City Royals manager Ned Yost leans against the batting
cage before the start of the AL wild-card playoff
baseball game against the Oakland Athletics Tuesday,
Sept. 30, 2014, in Kansas City, Mo.
Showalter, Don Mattingly and every other manager in these
playoffs, it promises to be a most challenging postseason.
This is the
first October in which skippers can contest an umpire's
call. Nearly everything is subject to replay review, except
for balls and strikes, but managers only get one challenge
per game if they're wrong.
how they did during the regular season, some teams are
better than others at spotting a play that should be
like the job our guy did," said Showalter, set to lead
Baltimore against Detroit in the AL Division Series.
"You call up, they say, 'He missed it,' and you
ain't exactly brain surgery," he said.
and the Orioles, who hired a former minor league umpire as
their replay coordinator, hit exactly 50 percent this year.
They contested 28 calls, 14 got overturned.
League Baseball average was a bit better — 53 percent.
Managers made 1,051 challenges and 557 resulted in
Tigers manager Brad Ausmus watches during baseball
practice in Detroit Tuesday, Sept. 30, 2014. The
Detroit Tigers start the playoffs at the Baltimore
Orioles in Game 1 of the American League Division
mean, I don't know our numbers, but we got a bunch of calls
overturned that we wouldn't have had last year," Kansas
City Royals manager Ned Yost said.
real well, in fact. He'd gotten it right almost 63 percent
of the time going into Tuesday night's thrilling AL
wild-card win over Oakland.
manager Mike Matheny didn't fare so well at slightly under
39 percent. Of his 31 challenges, only 12 were correct —
he tied with Cincinnati manager Bryan Price for the fewest
reversals in the majors.
came to those oh-so-slow strolls from the dugout onto the
diamond, waiting for a bench coach to flash the thumbs-up or
thumbs-down, Mattingly nearly matched the MLB average with
reversals on 53.8 percent.
year's crop of playoff managers, Washington's Matt Williams
was best at 64.5 percent. San Francisco's Bruce Bochy was
over 61 percent.
of the Athletics didn't spend much time trying out the
review system. He made the fewest challenges overall in the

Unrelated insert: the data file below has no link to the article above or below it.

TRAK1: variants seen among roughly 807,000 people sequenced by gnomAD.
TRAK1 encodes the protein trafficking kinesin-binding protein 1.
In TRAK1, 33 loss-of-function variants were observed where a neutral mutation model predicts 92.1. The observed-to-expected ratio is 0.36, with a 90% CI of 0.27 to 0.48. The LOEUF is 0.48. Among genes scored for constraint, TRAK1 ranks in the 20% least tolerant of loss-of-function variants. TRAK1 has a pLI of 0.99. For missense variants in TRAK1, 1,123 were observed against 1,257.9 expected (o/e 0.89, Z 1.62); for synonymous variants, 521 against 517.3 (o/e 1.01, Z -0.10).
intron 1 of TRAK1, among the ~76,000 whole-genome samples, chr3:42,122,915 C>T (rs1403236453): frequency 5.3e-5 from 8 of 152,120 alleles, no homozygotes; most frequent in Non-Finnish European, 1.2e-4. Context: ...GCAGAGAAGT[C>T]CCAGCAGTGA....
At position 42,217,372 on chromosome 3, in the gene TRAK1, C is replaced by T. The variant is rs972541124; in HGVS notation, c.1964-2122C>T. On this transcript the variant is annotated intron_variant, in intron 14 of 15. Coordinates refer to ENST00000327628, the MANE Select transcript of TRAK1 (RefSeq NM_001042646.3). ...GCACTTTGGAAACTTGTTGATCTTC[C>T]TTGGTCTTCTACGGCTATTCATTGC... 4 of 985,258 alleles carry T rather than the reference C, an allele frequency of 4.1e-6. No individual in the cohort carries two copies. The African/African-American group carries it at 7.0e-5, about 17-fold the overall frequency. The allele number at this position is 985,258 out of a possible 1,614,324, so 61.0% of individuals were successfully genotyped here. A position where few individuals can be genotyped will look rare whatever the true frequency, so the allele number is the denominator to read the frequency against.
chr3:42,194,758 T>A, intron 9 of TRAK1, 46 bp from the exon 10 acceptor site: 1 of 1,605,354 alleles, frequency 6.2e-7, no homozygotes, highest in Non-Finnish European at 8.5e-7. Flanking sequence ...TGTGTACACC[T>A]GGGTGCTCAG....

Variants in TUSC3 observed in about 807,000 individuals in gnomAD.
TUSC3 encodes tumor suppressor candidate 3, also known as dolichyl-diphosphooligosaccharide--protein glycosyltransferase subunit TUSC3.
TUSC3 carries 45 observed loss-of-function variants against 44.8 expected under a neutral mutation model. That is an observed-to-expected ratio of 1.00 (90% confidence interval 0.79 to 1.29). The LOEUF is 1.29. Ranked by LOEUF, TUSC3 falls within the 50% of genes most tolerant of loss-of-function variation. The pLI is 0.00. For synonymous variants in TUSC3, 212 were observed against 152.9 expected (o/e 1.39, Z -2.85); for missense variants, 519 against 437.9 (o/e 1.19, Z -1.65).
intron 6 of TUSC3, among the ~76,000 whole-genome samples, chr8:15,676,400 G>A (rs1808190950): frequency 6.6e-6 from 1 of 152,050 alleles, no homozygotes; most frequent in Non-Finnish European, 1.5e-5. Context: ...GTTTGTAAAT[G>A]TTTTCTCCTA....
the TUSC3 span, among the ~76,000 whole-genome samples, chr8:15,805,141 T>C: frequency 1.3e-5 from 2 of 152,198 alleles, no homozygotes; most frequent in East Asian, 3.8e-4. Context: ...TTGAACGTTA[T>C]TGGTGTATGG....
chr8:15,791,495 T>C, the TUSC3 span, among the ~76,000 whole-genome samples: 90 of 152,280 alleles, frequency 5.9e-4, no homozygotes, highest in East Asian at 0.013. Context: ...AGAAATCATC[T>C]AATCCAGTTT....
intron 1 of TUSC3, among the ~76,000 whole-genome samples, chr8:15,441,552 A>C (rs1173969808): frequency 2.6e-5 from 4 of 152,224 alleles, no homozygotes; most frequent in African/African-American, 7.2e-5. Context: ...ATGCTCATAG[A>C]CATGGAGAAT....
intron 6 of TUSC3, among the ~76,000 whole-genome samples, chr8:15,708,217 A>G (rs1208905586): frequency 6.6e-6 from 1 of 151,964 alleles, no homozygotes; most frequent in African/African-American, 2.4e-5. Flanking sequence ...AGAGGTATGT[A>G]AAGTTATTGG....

majors with 26 and was right on 14 of them.
put Bill Duplissea, a former minor league catcher and
previously Kansas City's bullpen catcher, in charge of
Orioles manager Buck Showalter looks on in the dugout
during the seventh inning of a baseball game against
the Blue Jays in Toronto, Sunday, Sept. 28, 2014. The
Orioles won 1-0.
got a real good video analyst. Very seldom does he ever make
a mistake," Yost said. "You know we can't see it,
so he's got to almost like suggest what we need to do."
he'll tell us, 'Look, this is bang-bang, this is something
that I think might be inconclusive,' or you get on there,
boom, 'Challenge, right off the bat,' you know that he's
dead on it."
rates of the other playoff managers: Detroit's Brad Ausmus
was 59 percent, Pittsburgh's Clint Hurdle was 57 percent and
the Los Angeles Angels' Mike Scioscia was 56 percent.
said the Orioles changed how they handled replay challenges
over the course of the season, but declined to share details
of those adjustments.
replay guru is Adam Gladstone, who spent four years umpiring
in the independent minor leagues and then worked in the
front office for an Orioles' affiliate.
hired an ex-umpire. I know a lot of guys were hiring
ex-players or somebody from the organization. I wanted
somebody that really thought about it through an umpire's
eyes, and could take the emotion out of it," Showalter
The best in
the big leagues at challenging was New York Yankees manager
Joe Girardi, getting reversals on 23 of 28 tries for 82
percent. Chicago Cubs manager Rick Renteria contested the
most calls and got the most overturns, going 25 of 56.
a lot better than the NFL's first year, I can tell you that.
They had to shut it down for two years," Showalter
said. "So we're ahead of the curve where they're